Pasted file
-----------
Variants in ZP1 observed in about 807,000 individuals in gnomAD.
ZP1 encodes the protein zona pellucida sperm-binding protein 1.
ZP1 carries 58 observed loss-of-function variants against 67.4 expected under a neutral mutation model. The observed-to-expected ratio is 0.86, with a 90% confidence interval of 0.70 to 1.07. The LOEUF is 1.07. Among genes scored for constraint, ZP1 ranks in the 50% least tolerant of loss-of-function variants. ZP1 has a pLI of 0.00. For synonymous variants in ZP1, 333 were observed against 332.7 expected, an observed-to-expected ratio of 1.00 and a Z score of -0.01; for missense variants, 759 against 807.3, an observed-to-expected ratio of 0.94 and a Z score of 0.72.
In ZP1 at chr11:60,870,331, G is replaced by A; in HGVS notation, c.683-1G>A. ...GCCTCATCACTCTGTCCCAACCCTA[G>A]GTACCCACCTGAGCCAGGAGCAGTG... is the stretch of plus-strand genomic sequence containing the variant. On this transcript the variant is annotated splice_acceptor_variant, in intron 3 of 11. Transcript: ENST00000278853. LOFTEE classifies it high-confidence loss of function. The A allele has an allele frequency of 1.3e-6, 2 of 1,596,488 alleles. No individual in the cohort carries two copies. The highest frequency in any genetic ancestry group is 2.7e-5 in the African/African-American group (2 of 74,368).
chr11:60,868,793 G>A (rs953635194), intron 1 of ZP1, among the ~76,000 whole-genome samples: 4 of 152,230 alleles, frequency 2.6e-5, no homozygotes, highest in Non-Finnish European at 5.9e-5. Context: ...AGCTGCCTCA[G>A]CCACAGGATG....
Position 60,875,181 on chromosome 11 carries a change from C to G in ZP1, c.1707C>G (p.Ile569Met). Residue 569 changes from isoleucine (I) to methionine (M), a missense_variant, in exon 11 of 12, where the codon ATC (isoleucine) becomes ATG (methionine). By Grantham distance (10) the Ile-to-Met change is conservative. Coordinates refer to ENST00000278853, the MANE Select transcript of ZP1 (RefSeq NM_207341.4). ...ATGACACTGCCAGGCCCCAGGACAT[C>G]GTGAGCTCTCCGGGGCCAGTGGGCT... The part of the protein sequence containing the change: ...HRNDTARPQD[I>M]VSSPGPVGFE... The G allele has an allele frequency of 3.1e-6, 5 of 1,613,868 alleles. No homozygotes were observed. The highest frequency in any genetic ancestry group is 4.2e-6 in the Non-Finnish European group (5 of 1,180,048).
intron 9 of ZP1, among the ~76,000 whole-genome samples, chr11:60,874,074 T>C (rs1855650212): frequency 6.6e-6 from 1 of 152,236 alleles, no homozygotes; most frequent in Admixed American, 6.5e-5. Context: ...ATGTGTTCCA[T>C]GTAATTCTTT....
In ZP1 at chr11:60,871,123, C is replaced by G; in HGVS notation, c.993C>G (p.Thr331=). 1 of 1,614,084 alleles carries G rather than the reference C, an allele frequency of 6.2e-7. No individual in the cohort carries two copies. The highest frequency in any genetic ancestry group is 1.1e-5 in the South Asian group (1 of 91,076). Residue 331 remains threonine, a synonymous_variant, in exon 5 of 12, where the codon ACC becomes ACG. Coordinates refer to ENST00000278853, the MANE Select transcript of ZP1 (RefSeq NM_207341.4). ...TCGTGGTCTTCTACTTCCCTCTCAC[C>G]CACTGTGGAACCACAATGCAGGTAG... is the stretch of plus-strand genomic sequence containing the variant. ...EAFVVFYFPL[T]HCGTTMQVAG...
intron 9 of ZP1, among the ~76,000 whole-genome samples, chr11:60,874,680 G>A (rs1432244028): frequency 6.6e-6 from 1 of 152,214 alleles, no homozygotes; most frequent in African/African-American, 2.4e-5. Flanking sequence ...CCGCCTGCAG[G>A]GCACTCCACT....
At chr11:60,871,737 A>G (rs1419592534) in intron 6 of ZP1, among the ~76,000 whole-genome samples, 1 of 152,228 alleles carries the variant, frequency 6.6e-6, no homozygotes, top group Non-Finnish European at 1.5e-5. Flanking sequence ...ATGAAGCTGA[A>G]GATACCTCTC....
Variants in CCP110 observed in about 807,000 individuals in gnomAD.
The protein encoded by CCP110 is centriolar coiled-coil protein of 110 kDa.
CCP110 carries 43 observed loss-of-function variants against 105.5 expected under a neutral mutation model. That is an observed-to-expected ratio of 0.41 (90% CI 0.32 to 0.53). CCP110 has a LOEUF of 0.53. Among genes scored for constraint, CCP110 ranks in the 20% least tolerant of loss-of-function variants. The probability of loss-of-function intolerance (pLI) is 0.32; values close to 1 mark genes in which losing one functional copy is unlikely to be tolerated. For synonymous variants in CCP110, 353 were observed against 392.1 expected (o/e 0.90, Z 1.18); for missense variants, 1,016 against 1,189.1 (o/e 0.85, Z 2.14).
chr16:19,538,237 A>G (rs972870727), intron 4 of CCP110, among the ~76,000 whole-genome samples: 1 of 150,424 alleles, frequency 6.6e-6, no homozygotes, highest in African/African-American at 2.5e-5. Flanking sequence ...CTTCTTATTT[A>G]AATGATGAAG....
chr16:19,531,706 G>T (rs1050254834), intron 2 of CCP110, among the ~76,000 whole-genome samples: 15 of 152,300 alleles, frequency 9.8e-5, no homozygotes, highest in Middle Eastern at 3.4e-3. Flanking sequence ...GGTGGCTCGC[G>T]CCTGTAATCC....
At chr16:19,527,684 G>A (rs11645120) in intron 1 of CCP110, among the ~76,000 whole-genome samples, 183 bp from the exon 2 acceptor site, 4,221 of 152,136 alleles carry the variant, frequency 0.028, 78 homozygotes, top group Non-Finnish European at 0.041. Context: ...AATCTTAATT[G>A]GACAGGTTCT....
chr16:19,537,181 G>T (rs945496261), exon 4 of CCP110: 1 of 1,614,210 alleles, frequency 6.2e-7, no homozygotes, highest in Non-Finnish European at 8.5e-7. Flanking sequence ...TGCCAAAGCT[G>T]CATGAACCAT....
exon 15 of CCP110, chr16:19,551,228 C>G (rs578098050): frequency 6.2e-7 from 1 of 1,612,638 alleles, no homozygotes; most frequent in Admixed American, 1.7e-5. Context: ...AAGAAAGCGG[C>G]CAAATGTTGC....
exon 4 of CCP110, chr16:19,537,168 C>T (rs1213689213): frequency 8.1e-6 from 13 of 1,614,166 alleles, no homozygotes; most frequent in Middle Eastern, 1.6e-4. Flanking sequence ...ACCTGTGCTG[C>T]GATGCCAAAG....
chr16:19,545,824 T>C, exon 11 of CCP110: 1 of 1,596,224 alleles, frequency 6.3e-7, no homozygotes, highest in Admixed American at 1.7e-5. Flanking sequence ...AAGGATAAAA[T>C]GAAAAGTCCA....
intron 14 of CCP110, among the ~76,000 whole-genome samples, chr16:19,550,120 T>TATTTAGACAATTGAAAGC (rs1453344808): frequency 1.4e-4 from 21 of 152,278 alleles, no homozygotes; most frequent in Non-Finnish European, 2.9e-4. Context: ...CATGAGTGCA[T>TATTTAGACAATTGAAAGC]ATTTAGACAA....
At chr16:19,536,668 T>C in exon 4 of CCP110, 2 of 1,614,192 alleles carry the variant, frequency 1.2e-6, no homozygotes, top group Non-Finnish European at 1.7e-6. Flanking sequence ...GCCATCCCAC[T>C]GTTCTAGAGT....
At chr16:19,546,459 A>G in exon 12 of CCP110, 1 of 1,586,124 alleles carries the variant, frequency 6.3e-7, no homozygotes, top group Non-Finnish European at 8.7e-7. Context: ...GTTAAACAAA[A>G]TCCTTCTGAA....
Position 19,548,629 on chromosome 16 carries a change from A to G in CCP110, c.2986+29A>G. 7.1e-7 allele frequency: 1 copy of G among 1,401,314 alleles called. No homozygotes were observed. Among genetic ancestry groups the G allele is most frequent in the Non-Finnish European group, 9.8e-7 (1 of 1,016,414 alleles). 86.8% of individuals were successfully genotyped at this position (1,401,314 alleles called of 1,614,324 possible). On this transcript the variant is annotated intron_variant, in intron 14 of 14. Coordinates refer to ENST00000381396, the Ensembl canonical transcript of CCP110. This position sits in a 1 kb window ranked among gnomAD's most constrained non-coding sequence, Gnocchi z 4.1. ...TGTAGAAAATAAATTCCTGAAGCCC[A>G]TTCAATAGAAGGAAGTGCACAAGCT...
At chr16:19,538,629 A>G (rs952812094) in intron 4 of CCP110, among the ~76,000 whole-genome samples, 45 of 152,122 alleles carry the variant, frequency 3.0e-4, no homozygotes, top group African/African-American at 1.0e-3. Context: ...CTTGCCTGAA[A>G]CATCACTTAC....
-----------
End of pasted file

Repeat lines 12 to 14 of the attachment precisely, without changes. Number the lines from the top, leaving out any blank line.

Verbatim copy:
The protein encoded by CCP110 is centriolar coiled-coil protein of 110 kDa.
CCP110 carries 43 observed loss-of-function variants against 105.5 expected under a neutral mutation model. That is an observed-to-expected ratio of 0.41 (90% CI 0.32 to 0.53). CCP110 has a LOEUF of 0.53. Among genes scored for constraint, CCP110 ranks in the 20% least tolerant of loss-of-function variants. The probability of loss-of-function intolerance (pLI) is 0.32; values close to 1 mark genes in which losing one functional copy is unlikely to be tolerated. For synonymous variants in CCP110, 353 were observed against 392.1 expected (o/e 0.90, Z 1.18); for missense variants, 1,016 against 1,189.1 (o/e 0.85, Z 2.14).
chr16:19,538,237 A>G (rs972870727), intron 4 of CCP110, among the ~76,000 whole-genome samples: 1 of 150,424 alleles, frequency 6.6e-6, no homozygotes, highest in African/African-American at 2.5e-5. Flanking sequence ...CTTCTTATTT[A>G]AATGATGAAG....